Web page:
I want to map over Applicative form.

The type of map-like function would be like below:

```
mapX :: (Applicative f) => (f a -> f b) -> f [a] -> f [b]
```

used as:

```
result :: (Applicative f) => f [b]
result = mapX f xs
where f :: f a -> f b
f = ...
xs :: f[a]
xs = ...
```

As the background of this post, I try to write fluid simulation program using Applicative style referring to Paul Haduk's "The Haskell School of Expression", and I want to express the simulation with Applicative style as below:

```
x, v, a :: Sim VArray
x = x0 +: integral (v * dt)
v = v0 +: integral (a * dt)
a = (...calculate acceleration with x v...)
instance Applicative Sim where
...
```

where Sim type means the process of simulation computation and VArray means Array of Vector (x,y,z). X, v a are the arrays of position, velocity and acceleration, respectively.

Mapping over Applicative form comes when definining a.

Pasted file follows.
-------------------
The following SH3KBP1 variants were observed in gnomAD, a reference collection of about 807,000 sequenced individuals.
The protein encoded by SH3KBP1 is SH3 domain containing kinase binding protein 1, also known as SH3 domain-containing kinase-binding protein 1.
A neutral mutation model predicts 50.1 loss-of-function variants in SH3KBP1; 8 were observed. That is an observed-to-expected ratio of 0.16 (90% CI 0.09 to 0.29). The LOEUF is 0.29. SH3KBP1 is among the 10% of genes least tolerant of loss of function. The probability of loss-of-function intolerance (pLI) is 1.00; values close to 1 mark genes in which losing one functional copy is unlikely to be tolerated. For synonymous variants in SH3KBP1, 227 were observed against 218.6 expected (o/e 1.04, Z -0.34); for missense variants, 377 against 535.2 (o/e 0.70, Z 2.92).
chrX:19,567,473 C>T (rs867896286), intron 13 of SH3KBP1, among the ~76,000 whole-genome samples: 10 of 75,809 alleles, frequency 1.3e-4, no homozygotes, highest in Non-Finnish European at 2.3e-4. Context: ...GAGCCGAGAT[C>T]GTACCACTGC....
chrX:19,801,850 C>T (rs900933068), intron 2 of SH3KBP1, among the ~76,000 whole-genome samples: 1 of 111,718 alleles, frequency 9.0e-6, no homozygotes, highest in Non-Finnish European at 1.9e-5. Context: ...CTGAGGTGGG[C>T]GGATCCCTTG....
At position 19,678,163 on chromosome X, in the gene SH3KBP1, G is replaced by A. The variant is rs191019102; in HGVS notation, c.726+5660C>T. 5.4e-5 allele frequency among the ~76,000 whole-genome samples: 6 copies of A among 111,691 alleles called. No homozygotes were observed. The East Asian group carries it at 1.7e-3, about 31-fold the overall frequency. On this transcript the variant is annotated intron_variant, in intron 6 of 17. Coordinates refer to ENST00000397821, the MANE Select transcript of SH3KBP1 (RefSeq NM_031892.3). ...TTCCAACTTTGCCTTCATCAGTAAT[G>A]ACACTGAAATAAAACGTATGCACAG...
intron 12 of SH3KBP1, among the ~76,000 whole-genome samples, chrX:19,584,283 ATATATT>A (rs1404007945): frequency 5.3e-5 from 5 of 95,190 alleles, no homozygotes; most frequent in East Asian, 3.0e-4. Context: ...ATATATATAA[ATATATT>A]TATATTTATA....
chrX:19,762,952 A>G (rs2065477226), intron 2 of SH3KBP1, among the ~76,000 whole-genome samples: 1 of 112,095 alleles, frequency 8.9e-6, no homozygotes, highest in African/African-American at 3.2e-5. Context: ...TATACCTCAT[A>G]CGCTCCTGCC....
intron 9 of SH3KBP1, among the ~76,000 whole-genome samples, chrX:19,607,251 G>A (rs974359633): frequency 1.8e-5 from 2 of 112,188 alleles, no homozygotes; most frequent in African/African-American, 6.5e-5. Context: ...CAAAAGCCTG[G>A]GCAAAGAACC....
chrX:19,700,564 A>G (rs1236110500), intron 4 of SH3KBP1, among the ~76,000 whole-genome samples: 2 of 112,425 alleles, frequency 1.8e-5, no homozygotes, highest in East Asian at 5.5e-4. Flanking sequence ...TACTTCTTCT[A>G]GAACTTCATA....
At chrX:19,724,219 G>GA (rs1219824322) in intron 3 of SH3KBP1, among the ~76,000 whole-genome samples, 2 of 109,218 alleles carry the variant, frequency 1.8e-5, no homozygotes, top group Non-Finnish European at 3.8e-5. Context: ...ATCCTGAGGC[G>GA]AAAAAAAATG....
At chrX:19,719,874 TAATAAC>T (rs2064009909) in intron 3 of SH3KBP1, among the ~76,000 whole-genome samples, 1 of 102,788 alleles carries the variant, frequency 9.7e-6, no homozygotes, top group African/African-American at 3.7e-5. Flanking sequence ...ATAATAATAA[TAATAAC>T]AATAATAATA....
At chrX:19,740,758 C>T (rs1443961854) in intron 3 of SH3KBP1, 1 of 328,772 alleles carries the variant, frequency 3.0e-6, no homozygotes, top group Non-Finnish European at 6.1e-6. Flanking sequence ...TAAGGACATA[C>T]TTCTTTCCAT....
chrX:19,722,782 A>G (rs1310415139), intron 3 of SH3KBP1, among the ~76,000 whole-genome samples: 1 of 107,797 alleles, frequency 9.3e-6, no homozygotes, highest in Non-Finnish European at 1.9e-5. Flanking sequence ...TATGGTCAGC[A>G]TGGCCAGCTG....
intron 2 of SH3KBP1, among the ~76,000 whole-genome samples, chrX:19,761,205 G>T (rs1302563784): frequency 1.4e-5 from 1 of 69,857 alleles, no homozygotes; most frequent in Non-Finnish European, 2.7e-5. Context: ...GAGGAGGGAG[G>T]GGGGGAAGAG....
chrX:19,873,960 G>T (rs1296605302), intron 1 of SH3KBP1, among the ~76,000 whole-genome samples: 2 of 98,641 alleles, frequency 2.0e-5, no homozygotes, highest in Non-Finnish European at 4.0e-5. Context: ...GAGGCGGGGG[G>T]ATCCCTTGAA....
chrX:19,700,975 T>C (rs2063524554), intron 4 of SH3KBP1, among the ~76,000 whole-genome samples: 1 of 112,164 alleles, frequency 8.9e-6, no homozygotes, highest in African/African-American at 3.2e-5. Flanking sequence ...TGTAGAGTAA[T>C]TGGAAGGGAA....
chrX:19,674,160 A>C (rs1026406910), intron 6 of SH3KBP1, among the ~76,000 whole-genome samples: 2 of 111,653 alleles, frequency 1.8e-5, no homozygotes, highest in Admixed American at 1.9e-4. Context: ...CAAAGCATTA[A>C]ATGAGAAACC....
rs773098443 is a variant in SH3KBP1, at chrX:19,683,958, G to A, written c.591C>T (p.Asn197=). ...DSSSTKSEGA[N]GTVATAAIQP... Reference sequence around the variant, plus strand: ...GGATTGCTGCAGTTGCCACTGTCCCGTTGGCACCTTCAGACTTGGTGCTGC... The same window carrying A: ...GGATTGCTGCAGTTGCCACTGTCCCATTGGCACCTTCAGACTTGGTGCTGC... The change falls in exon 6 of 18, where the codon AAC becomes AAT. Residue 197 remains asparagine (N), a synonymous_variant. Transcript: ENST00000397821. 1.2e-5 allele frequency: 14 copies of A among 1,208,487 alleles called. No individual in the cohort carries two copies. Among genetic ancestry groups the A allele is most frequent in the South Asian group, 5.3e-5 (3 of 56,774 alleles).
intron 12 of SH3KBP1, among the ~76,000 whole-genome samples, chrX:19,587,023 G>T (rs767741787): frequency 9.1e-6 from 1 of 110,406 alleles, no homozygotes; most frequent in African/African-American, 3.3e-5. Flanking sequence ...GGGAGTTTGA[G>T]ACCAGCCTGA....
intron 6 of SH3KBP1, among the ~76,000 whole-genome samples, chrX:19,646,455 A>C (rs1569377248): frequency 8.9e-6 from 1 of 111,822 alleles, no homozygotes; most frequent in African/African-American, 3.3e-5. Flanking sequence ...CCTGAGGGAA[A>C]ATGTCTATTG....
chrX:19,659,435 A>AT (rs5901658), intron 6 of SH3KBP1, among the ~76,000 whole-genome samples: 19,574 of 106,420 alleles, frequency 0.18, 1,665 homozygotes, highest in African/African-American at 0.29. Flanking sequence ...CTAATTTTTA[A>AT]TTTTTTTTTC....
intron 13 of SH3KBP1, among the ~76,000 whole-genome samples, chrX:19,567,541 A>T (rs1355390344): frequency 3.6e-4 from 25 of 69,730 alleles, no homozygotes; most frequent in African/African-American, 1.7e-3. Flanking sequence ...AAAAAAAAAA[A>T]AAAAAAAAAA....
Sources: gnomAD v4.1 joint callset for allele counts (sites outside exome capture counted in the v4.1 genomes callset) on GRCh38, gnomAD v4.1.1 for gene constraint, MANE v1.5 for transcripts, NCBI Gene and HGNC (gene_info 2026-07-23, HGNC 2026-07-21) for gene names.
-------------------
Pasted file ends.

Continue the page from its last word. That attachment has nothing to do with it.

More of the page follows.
I've found one answer to my question.

After all, my question is "How to lift high-order functions (like map :: (a -> b) -> [a] -> [b]) to the Applicative world?" and the answer I've found is "To build them using lifted first-order functions."

For example, the "mapX" is defined with lifted first-order functions (headA, tailA, consA, nullA, condA) as below:

```
mapX :: (f a -> f b) -> f [a] -> f [b]
mapX f xs0 = condA (nullA xs0) (pure []) (consA (f x) (mapA f xs))
where
x = headA xs0
xs = tailA xs0
headA = liftA head
tailA = liftA tail
consA = liftA2 (:)
nullA = liftA null
condA b t e = liftA3 aux b t e
where aux b t e = if b then t else e
```

`f :: f a -> f b`

(not`f :: (f a -> f b) -> f [a] -> f [b]`

) in your first block of code? Or am I misunderstanding something? – Antal Spector-Zabusky May 17 '11 at 14:02`a`

would look like by the way? I'd think you could do it in a way that didn't require`mapX`

. – sclv May 17 '11 at 14:27